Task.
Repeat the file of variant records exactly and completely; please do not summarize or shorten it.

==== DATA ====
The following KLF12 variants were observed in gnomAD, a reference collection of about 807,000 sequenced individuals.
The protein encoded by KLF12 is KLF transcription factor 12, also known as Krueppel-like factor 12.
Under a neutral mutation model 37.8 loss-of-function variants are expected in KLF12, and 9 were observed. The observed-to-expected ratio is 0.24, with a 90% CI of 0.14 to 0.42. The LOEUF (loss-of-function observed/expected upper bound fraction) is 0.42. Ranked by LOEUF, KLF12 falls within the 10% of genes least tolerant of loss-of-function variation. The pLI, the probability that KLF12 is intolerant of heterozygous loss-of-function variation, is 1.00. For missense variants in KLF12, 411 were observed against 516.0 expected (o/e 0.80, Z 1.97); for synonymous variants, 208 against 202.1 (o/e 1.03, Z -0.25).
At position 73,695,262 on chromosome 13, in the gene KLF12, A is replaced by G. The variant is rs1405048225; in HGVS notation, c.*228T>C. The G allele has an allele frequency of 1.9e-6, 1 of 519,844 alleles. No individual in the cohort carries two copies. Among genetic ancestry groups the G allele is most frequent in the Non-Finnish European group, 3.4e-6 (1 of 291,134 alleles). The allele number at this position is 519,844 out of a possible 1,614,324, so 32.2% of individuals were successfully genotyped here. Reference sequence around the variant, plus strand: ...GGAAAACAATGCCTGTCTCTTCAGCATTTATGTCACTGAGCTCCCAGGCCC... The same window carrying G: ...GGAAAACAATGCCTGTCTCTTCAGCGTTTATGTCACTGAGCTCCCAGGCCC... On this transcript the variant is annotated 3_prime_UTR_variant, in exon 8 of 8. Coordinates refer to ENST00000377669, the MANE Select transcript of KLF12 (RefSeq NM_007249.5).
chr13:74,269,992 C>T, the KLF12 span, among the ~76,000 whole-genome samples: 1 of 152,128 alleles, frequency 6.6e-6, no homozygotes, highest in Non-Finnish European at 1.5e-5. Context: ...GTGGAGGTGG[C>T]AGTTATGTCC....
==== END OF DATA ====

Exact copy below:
The following KLF12 variants were observed in gnomAD, a reference collection of about 807,000 sequenced individuals.
The protein encoded by KLF12 is KLF transcription factor 12, also known as Krueppel-like factor 12.
Under a neutral mutation model 37.8 loss-of-function variants are expected in KLF12, and 9 were observed. The observed-to-expected ratio is 0.24, with a 90% CI of 0.14 to 0.42. The LOEUF (loss-of-function observed/expected upper bound fraction) is 0.42. Ranked by LOEUF, KLF12 falls within the 10% of genes least tolerant of loss-of-function variation. The pLI, the probability that KLF12 is intolerant of heterozygous loss-of-function variation, is 1.00. For missense variants in KLF12, 411 were observed against 516.0 expected (o/e 0.80, Z 1.97); for synonymous variants, 208 against 202.1 (o/e 1.03, Z -0.25).
At position 73,695,262 on chromosome 13, in the gene KLF12, A is replaced by G. The variant is rs1405048225; in HGVS notation, c.*228T>C. The G allele has an allele frequency of 1.9e-6, 1 of 519,844 alleles. No individual in the cohort carries two copies. Among genetic ancestry groups the G allele is most frequent in the Non-Finnish European group, 3.4e-6 (1 of 291,134 alleles). The allele number at this position is 519,844 out of a possible 1,614,324, so 32.2% of individuals were successfully genotyped here. Reference sequence around the variant, plus strand: ...GGAAAACAATGCCTGTCTCTTCAGCATTTATGTCACTGAGCTCCCAGGCCC... The same window carrying G: ...GGAAAACAATGCCTGTCTCTTCAGCGTTTATGTCACTGAGCTCCCAGGCCC... On this transcript the variant is annotated 3_prime_UTR_variant, in exon 8 of 8. Coordinates refer to ENST00000377669, the MANE Select transcript of KLF12 (RefSeq NM_007249.5).
chr13:74,269,992 C>T, the KLF12 span, among the ~76,000 whole-genome samples: 1 of 152,128 alleles, frequency 6.6e-6, no homozygotes, highest in Non-Finnish European at 1.5e-5. Context: ...GTGGAGGTGG[C>T]AGTTATGTCC....